Clothing is an item oft-overlooked when people begin preparing for a survival scenario. But, Jack Spigarelli notes in his Crisis Preparedness Handbook, surviving without the civilized comforts we’ve become accustomed to places a burden on the clothes we wear.
So Spigarelli recommends setting aside enough ready-to-wear clothing, or the fabric and materials to make it, to last at least one year.
He recommends good quality outdoor clothing such as that made by Filson, Pendleton or Woolrich. He writes that tightly woven fabric is more snag and tear resistant and wears longer. However, loosely woven fabrics are warmer.
Natural fabrics like wool and cotton are more absorbent, and wool retains its insulating properties even when wet. But synthetics have greater strength, resist abrasion and mildew better and dry more quickly. Gore-Tex and similar fabrics, which are waterproof but breathable, are essential, and fleece items are important to have, Spigarelli writes.
In his book, Spigarelli has a table of the basic clothing needs for one person for one year. He recommends adapting the list to age, sex, climate and lifestyle, but it is a great reference for a starting point. Here’s what he says you need:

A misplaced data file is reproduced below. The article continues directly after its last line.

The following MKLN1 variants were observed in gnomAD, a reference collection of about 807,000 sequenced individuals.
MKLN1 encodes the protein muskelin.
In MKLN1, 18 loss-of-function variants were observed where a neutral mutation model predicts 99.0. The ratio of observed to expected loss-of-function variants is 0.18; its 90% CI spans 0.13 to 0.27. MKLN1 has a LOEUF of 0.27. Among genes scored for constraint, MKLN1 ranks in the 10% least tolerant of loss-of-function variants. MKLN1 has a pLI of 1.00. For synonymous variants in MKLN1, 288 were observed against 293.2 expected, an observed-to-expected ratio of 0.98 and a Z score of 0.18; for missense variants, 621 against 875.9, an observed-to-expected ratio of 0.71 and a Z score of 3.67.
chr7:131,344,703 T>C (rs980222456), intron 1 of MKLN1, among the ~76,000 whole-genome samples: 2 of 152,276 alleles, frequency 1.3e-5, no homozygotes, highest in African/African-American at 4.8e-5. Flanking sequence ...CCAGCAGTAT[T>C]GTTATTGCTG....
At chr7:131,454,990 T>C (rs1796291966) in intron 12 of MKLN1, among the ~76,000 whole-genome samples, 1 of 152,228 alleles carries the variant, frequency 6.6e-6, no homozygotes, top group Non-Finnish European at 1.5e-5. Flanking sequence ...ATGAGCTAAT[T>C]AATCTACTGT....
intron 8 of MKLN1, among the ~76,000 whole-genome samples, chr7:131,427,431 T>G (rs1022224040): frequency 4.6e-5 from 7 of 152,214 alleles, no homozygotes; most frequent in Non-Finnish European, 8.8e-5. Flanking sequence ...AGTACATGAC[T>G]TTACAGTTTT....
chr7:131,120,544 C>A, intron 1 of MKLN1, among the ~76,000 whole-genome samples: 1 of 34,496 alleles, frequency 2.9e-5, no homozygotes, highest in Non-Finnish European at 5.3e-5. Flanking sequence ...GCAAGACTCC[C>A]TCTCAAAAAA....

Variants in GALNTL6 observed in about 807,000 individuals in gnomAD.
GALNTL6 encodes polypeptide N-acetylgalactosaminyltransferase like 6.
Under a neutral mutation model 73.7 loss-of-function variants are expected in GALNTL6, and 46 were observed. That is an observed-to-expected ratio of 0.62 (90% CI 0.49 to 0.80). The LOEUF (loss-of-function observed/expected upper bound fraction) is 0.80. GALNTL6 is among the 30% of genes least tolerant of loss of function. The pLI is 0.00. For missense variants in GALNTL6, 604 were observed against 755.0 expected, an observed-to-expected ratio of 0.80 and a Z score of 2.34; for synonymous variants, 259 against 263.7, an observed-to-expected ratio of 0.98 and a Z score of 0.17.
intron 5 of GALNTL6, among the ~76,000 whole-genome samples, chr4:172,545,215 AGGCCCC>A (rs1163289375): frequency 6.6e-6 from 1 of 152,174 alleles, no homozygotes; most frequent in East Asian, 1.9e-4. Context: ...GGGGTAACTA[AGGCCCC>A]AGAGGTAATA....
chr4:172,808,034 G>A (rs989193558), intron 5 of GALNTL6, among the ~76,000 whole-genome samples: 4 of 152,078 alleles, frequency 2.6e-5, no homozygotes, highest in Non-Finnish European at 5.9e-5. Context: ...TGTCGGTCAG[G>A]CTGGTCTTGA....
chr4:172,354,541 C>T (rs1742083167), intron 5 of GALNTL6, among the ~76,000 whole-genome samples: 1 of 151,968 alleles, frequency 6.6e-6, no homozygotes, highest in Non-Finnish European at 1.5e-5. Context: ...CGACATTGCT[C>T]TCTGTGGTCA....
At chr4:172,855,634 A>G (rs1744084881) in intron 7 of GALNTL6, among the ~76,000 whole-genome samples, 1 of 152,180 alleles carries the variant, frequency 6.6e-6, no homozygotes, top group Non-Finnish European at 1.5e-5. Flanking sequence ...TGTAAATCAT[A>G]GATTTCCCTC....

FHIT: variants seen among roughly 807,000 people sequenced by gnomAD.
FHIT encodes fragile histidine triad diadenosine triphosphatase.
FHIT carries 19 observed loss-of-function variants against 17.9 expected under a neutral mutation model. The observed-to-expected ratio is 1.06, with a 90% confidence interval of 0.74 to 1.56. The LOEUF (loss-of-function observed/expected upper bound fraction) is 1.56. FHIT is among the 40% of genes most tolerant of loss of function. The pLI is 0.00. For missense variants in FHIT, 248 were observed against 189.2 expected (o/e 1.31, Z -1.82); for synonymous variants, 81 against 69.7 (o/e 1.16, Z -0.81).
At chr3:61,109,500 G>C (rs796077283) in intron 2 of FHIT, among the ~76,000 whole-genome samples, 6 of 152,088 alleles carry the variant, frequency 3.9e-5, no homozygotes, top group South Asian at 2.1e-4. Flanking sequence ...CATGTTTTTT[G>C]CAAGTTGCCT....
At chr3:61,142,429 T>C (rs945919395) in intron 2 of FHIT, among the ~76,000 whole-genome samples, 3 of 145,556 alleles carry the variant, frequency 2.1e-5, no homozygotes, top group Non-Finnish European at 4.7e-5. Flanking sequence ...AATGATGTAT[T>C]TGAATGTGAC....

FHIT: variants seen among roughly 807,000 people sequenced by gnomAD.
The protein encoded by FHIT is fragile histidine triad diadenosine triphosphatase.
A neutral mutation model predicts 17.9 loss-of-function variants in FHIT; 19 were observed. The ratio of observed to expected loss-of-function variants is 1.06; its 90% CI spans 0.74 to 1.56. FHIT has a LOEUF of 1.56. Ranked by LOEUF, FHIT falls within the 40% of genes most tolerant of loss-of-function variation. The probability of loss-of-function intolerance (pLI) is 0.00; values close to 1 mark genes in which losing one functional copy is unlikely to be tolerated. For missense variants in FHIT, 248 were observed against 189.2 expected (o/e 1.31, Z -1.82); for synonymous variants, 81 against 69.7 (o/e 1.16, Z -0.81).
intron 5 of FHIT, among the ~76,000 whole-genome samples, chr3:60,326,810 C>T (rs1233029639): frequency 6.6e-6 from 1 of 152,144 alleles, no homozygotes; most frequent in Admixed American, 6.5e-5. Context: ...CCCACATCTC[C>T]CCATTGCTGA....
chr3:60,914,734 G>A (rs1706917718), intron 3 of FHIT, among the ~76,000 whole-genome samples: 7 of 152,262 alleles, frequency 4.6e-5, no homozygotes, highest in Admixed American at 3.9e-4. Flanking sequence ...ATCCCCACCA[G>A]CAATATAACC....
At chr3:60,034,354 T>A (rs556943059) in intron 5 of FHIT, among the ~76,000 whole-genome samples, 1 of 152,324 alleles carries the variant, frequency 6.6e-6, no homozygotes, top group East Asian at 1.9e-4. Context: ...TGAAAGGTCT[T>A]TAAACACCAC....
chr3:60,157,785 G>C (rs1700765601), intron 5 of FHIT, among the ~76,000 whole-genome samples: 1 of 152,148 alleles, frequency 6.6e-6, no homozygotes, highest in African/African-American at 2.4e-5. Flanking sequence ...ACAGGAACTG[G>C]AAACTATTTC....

- Eight sets underwear (two long)
- One pajamas or nightgown
- One warm robe
- Two t-shirts
- Two cotton turtle-neck shirts
- One straw hat
- One knit cap or balaclava
- One heavy-duty work belt
- One pair suspenders
- One or two sweaters
- Two pair leather work gloves
- One pair winter gloves, mittens or inserts
- Two pair work shoes or boots
- One pair waterproof boots/overshoes
- Two pair shoelaces per pair of shoes
- 12 pair socks (eight light, four heavy)
- Four pair of jeans, pants, overalls
- One pair heavy wool pants
- Two to four work shirts (chambray, etc.)
- Two cotton flannel shirts (chamois, etc.)
- Two heavy wool shirts
- One water-repellant windbreaker
- One winter work coat
- One heavy-duty parka
For shoes, be sure they are well-fitting and broken it. It won’t do to don a new pair and then set out on a bug-out that requires you to walk many miles. Your feet will be protesting quickly.
And don’t forget to store foot powder. And keep a supply of moleskin in your first-aid kit to help with blisters and other foot sores.
And one final tip; wear a thin pair of socks over a thicker pair to help avoid blisters if you’re going to be on your feet for a long time.